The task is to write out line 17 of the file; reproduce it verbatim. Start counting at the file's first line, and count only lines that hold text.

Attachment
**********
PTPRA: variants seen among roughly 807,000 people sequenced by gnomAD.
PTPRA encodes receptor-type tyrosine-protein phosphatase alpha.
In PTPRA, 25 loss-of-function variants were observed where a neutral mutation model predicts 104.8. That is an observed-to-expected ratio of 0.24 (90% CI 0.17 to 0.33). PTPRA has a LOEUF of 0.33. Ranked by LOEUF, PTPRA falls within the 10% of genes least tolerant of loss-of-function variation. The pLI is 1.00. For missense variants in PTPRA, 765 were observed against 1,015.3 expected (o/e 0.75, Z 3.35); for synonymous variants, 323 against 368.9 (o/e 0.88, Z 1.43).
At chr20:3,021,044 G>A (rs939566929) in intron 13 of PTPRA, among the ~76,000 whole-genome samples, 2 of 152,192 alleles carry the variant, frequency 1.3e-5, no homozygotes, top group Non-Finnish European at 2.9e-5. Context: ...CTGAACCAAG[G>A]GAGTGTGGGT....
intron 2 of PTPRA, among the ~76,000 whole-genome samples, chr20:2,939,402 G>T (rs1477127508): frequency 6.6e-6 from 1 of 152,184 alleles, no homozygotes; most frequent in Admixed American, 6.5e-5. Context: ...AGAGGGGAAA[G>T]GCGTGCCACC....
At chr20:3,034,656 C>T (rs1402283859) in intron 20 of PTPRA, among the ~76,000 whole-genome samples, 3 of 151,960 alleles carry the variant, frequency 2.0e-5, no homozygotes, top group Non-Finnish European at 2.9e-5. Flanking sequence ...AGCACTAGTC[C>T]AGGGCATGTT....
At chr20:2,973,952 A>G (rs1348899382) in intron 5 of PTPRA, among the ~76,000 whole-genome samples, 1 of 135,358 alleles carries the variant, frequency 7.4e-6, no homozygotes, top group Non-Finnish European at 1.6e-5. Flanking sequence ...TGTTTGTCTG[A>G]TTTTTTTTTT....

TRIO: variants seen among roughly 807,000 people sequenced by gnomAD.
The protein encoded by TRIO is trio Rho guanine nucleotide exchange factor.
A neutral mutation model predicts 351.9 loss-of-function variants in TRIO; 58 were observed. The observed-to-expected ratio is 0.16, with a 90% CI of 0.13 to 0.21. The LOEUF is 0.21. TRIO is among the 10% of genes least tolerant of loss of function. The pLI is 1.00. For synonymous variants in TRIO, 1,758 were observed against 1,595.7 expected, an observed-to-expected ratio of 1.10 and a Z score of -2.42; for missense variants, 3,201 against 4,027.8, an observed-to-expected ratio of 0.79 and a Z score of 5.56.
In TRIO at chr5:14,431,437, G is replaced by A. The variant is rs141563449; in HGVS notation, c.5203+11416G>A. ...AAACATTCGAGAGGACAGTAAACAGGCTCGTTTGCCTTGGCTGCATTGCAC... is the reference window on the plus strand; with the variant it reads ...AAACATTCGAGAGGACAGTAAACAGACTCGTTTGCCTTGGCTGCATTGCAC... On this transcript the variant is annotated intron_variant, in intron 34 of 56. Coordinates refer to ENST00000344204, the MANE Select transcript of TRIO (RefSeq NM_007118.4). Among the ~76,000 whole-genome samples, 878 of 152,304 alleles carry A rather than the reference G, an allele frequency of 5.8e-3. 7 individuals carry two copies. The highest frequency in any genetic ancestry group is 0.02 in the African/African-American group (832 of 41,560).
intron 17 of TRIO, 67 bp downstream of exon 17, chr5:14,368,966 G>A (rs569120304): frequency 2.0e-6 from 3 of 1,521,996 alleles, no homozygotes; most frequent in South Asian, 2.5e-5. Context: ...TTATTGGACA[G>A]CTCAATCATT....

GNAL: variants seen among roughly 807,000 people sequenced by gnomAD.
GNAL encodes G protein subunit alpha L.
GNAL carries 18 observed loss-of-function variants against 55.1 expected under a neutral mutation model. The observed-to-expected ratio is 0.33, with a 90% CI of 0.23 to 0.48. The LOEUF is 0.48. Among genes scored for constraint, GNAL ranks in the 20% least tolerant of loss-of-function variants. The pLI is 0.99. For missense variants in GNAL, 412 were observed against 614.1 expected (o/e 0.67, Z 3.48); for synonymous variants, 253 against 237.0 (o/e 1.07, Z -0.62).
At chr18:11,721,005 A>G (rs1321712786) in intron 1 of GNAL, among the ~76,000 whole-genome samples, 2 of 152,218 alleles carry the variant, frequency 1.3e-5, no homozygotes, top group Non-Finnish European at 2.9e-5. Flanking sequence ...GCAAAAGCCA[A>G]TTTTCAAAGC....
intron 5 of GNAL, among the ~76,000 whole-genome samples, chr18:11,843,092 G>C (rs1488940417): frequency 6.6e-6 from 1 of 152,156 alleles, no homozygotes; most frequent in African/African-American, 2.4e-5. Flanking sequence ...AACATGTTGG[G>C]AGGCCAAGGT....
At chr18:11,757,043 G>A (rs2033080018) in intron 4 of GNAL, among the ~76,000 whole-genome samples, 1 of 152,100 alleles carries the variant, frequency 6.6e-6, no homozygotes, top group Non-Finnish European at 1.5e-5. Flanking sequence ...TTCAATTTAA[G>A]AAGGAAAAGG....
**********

intron 5 of GNAL, among the ~76,000 whole-genome samples, chr18:11,843,092 G>C (rs1488940417): frequency 6.6e-6 from 1 of 152,156 alleles, no homozygotes; most frequent in African/African-American, 2.4e-5. Flanking sequence ...AACATGTTGG[G>C]AGGCCAAGGT....